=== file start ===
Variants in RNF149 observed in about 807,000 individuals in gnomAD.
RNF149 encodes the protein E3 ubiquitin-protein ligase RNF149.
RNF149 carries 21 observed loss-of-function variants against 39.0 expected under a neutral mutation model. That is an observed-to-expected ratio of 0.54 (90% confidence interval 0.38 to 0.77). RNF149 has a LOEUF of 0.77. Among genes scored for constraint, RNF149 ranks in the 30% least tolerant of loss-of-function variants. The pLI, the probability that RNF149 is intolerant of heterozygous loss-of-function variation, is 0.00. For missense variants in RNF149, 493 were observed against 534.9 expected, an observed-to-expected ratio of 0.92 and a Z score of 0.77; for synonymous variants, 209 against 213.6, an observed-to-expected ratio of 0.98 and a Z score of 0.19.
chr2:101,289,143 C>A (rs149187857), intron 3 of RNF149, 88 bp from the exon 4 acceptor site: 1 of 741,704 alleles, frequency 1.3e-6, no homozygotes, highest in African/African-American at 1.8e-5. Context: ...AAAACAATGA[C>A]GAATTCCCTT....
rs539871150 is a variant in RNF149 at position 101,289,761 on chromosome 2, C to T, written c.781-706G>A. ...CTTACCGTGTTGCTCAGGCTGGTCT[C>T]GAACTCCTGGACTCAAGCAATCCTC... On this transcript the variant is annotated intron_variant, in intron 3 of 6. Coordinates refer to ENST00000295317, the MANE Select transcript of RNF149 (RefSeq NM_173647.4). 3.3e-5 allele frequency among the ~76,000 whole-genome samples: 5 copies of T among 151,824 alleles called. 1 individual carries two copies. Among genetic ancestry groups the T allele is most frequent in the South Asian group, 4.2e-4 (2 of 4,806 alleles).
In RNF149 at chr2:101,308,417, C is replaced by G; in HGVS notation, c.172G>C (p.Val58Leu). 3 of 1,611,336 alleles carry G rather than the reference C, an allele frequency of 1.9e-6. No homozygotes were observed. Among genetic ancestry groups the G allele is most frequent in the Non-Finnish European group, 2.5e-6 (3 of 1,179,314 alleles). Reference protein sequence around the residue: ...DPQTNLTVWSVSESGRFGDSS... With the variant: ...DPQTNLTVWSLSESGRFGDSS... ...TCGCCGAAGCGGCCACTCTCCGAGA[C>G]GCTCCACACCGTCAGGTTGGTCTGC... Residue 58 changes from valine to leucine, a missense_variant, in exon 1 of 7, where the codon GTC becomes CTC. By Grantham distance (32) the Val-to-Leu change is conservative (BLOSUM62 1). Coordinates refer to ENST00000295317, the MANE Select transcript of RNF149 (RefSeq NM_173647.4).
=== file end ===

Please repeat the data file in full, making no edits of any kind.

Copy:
Variants in RNF149 observed in about 807,000 individuals in gnomAD.
RNF149 encodes the protein E3 ubiquitin-protein ligase RNF149.
RNF149 carries 21 observed loss-of-function variants against 39.0 expected under a neutral mutation model. That is an observed-to-expected ratio of 0.54 (90% confidence interval 0.38 to 0.77). RNF149 has a LOEUF of 0.77. Among genes scored for constraint, RNF149 ranks in the 30% least tolerant of loss-of-function variants. The pLI, the probability that RNF149 is intolerant of heterozygous loss-of-function variation, is 0.00. For missense variants in RNF149, 493 were observed against 534.9 expected, an observed-to-expected ratio of 0.92 and a Z score of 0.77; for synonymous variants, 209 against 213.6, an observed-to-expected ratio of 0.98 and a Z score of 0.19.
chr2:101,289,143 C>A (rs149187857), intron 3 of RNF149, 88 bp from the exon 4 acceptor site: 1 of 741,704 alleles, frequency 1.3e-6, no homozygotes, highest in African/African-American at 1.8e-5. Context: ...AAAACAATGA[C>A]GAATTCCCTT....
rs539871150 is a variant in RNF149 at position 101,289,761 on chromosome 2, C to T, written c.781-706G>A. ...CTTACCGTGTTGCTCAGGCTGGTCT[C>T]GAACTCCTGGACTCAAGCAATCCTC... On this transcript the variant is annotated intron_variant, in intron 3 of 6. Coordinates refer to ENST00000295317, the MANE Select transcript of RNF149 (RefSeq NM_173647.4). 3.3e-5 allele frequency among the ~76,000 whole-genome samples: 5 copies of T among 151,824 alleles called. 1 individual carries two copies. Among genetic ancestry groups the T allele is most frequent in the South Asian group, 4.2e-4 (2 of 4,806 alleles).
In RNF149 at chr2:101,308,417, C is replaced by G; in HGVS notation, c.172G>C (p.Val58Leu). 3 of 1,611,336 alleles carry G rather than the reference C, an allele frequency of 1.9e-6. No homozygotes were observed. Among genetic ancestry groups the G allele is most frequent in the Non-Finnish European group, 2.5e-6 (3 of 1,179,314 alleles). Reference protein sequence around the residue: ...DPQTNLTVWSVSESGRFGDSS... With the variant: ...DPQTNLTVWSLSESGRFGDSS... ...TCGCCGAAGCGGCCACTCTCCGAGA[C>G]GCTCCACACCGTCAGGTTGGTCTGC... Residue 58 changes from valine to leucine, a missense_variant, in exon 1 of 7, where the codon GTC becomes CTC. By Grantham distance (32) the Val-to-Leu change is conservative (BLOSUM62 1). Coordinates refer to ENST00000295317, the MANE Select transcript of RNF149 (RefSeq NM_173647.4).